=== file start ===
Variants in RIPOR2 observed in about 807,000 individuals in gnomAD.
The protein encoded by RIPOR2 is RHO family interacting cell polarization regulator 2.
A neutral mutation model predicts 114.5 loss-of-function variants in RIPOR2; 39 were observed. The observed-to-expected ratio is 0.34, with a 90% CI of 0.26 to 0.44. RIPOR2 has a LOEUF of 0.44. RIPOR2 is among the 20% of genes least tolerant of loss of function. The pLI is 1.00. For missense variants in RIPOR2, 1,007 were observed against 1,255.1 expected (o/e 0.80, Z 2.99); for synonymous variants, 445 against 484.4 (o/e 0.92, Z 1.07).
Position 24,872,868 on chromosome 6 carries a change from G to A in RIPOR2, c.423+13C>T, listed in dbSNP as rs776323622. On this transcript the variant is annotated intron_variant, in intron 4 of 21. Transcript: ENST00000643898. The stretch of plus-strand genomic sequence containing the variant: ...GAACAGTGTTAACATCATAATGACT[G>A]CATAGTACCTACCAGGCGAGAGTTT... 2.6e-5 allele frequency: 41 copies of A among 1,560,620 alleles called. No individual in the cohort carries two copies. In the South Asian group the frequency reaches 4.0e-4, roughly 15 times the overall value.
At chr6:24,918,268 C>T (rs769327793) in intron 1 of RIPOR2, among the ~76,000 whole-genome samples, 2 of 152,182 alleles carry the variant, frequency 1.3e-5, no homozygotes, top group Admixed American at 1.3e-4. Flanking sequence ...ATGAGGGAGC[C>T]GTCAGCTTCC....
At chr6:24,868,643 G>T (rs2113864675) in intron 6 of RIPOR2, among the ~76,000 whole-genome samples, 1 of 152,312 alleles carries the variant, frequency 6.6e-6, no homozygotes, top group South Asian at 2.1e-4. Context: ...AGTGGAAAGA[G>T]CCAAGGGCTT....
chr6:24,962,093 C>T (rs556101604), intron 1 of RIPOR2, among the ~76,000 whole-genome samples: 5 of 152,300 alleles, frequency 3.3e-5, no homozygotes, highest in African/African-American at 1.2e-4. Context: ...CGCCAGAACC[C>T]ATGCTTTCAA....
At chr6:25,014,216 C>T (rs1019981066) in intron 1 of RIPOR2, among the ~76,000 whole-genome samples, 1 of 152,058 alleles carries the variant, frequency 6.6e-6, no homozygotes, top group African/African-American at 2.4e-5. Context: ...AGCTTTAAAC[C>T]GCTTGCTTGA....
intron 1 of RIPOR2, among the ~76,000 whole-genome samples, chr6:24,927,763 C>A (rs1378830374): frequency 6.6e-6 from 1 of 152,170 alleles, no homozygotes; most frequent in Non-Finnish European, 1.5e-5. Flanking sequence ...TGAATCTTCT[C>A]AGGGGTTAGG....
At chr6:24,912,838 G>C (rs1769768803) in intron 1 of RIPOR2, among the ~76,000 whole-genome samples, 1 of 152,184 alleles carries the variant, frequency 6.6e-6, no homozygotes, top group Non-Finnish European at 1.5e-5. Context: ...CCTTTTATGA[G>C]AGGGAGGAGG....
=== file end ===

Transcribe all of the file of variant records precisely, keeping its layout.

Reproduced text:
Variants in RIPOR2 observed in about 807,000 individuals in gnomAD.
The protein encoded by RIPOR2 is RHO family interacting cell polarization regulator 2.
A neutral mutation model predicts 114.5 loss-of-function variants in RIPOR2; 39 were observed. The observed-to-expected ratio is 0.34, with a 90% CI of 0.26 to 0.44. RIPOR2 has a LOEUF of 0.44. RIPOR2 is among the 20% of genes least tolerant of loss of function. The pLI is 1.00. For missense variants in RIPOR2, 1,007 were observed against 1,255.1 expected (o/e 0.80, Z 2.99); for synonymous variants, 445 against 484.4 (o/e 0.92, Z 1.07).
Position 24,872,868 on chromosome 6 carries a change from G to A in RIPOR2, c.423+13C>T, listed in dbSNP as rs776323622. On this transcript the variant is annotated intron_variant, in intron 4 of 21. Transcript: ENST00000643898. The stretch of plus-strand genomic sequence containing the variant: ...GAACAGTGTTAACATCATAATGACT[G>A]CATAGTACCTACCAGGCGAGAGTTT... 2.6e-5 allele frequency: 41 copies of A among 1,560,620 alleles called. No individual in the cohort carries two copies. In the South Asian group the frequency reaches 4.0e-4, roughly 15 times the overall value.
At chr6:24,918,268 C>T (rs769327793) in intron 1 of RIPOR2, among the ~76,000 whole-genome samples, 2 of 152,182 alleles carry the variant, frequency 1.3e-5, no homozygotes, top group Admixed American at 1.3e-4. Flanking sequence ...ATGAGGGAGC[C>T]GTCAGCTTCC....
At chr6:24,868,643 G>T (rs2113864675) in intron 6 of RIPOR2, among the ~76,000 whole-genome samples, 1 of 152,312 alleles carries the variant, frequency 6.6e-6, no homozygotes, top group South Asian at 2.1e-4. Context: ...AGTGGAAAGA[G>T]CCAAGGGCTT....
chr6:24,962,093 C>T (rs556101604), intron 1 of RIPOR2, among the ~76,000 whole-genome samples: 5 of 152,300 alleles, frequency 3.3e-5, no homozygotes, highest in African/African-American at 1.2e-4. Context: ...CGCCAGAACC[C>T]ATGCTTTCAA....
At chr6:25,014,216 C>T (rs1019981066) in intron 1 of RIPOR2, among the ~76,000 whole-genome samples, 1 of 152,058 alleles carries the variant, frequency 6.6e-6, no homozygotes, top group African/African-American at 2.4e-5. Context: ...AGCTTTAAAC[C>T]GCTTGCTTGA....
intron 1 of RIPOR2, among the ~76,000 whole-genome samples, chr6:24,927,763 C>A (rs1378830374): frequency 6.6e-6 from 1 of 152,170 alleles, no homozygotes; most frequent in Non-Finnish European, 1.5e-5. Flanking sequence ...TGAATCTTCT[C>A]AGGGGTTAGG....
At chr6:24,912,838 G>C (rs1769768803) in intron 1 of RIPOR2, among the ~76,000 whole-genome samples, 1 of 152,184 alleles carries the variant, frequency 6.6e-6, no homozygotes, top group Non-Finnish European at 1.5e-5. Context: ...CCTTTTATGA[G>C]AGGGAGGAGG....